The triceps brachii  (three-headed upper arm) muscle is a large muscle of the back of the upper arm. It is the primary muscle used for elbow extension (straightening the arm).

Trigger points occur in all three heads but referred pain from the long head is the most common. Referred pain from the long head occurs up and down the back of the arm and to the lateral (outside) epicondyle (bony bump) with a spill-over pattern between the shoulder and neck. Trigger points in the lateral head refer to the middle, back of the upper arm, and may include the fingers. The medial head refers to the medial (inner) epicondyle, forearm, and fingers. The anconeus referral pattern is small, focused on the lateral epicondyle.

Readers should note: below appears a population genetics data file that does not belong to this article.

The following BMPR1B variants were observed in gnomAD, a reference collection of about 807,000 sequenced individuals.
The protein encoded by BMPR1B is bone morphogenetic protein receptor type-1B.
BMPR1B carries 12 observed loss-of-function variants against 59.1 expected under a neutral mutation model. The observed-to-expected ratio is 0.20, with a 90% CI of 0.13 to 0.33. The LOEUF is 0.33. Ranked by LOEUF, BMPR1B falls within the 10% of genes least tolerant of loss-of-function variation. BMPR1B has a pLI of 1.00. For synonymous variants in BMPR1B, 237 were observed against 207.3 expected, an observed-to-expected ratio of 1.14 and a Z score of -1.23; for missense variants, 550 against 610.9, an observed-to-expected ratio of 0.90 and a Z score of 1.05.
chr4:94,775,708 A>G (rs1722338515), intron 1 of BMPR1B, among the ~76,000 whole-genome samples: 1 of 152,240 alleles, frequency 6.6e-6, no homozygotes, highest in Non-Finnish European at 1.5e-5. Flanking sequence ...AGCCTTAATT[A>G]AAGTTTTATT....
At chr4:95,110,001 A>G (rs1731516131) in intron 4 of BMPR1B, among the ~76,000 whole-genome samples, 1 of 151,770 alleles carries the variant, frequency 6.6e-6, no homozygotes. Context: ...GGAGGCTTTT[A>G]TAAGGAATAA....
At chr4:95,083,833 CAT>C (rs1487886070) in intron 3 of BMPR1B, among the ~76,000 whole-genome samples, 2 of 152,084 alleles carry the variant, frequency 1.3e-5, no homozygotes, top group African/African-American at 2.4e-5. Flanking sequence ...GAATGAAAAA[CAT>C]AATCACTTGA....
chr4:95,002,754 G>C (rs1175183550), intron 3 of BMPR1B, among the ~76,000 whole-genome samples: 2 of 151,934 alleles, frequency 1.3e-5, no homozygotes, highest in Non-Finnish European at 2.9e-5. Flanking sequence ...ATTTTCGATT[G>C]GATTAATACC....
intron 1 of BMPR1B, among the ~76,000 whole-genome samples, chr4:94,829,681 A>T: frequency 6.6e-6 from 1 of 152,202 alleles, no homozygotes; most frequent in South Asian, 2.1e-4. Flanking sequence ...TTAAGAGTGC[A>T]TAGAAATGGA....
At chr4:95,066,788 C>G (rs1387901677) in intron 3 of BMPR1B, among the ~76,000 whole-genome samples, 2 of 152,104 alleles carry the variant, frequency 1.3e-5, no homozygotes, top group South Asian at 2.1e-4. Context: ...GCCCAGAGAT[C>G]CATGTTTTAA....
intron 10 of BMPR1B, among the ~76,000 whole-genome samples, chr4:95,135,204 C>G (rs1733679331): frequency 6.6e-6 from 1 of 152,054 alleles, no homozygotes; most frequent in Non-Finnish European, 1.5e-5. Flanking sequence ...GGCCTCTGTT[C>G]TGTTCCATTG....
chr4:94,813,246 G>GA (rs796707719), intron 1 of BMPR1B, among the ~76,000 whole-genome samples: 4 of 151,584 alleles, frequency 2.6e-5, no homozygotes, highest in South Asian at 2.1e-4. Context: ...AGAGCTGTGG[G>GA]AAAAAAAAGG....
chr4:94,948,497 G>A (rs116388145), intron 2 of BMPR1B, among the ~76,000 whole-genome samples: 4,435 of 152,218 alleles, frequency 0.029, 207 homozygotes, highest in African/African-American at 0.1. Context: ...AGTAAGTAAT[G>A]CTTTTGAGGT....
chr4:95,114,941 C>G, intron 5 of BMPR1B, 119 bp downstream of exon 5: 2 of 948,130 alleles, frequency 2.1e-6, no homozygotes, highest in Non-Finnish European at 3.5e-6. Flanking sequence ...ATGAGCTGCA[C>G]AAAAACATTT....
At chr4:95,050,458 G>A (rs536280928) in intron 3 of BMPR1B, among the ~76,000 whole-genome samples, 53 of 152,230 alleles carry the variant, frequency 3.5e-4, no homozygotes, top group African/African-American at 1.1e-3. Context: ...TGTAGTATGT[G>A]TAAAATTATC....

The long head originates on the shoulder blade. The other two heads originate on the humerus (upper arm bone). All three heads converge into a single attachment on the ulna (forearm bone running from the elbow to the little finger side of the wrist).

All three heads extend the elbow but the medial head is the prime mover. The long head also adducts and assists in extending the arm at the shoulder. The anconeus muscle, sometimes called the fourth head, is an extension of the triceps below the elbow that provides stability.

Biceps brachii trigger points are typically activated from repetitive or stress overload in activities that involve straightening your arm. Examples include desk work, driving, or other handwork without effective elbow support.

Corrective actions include trigger point pressure release, stretching, and avoiding or modifying activities that overload the muscle.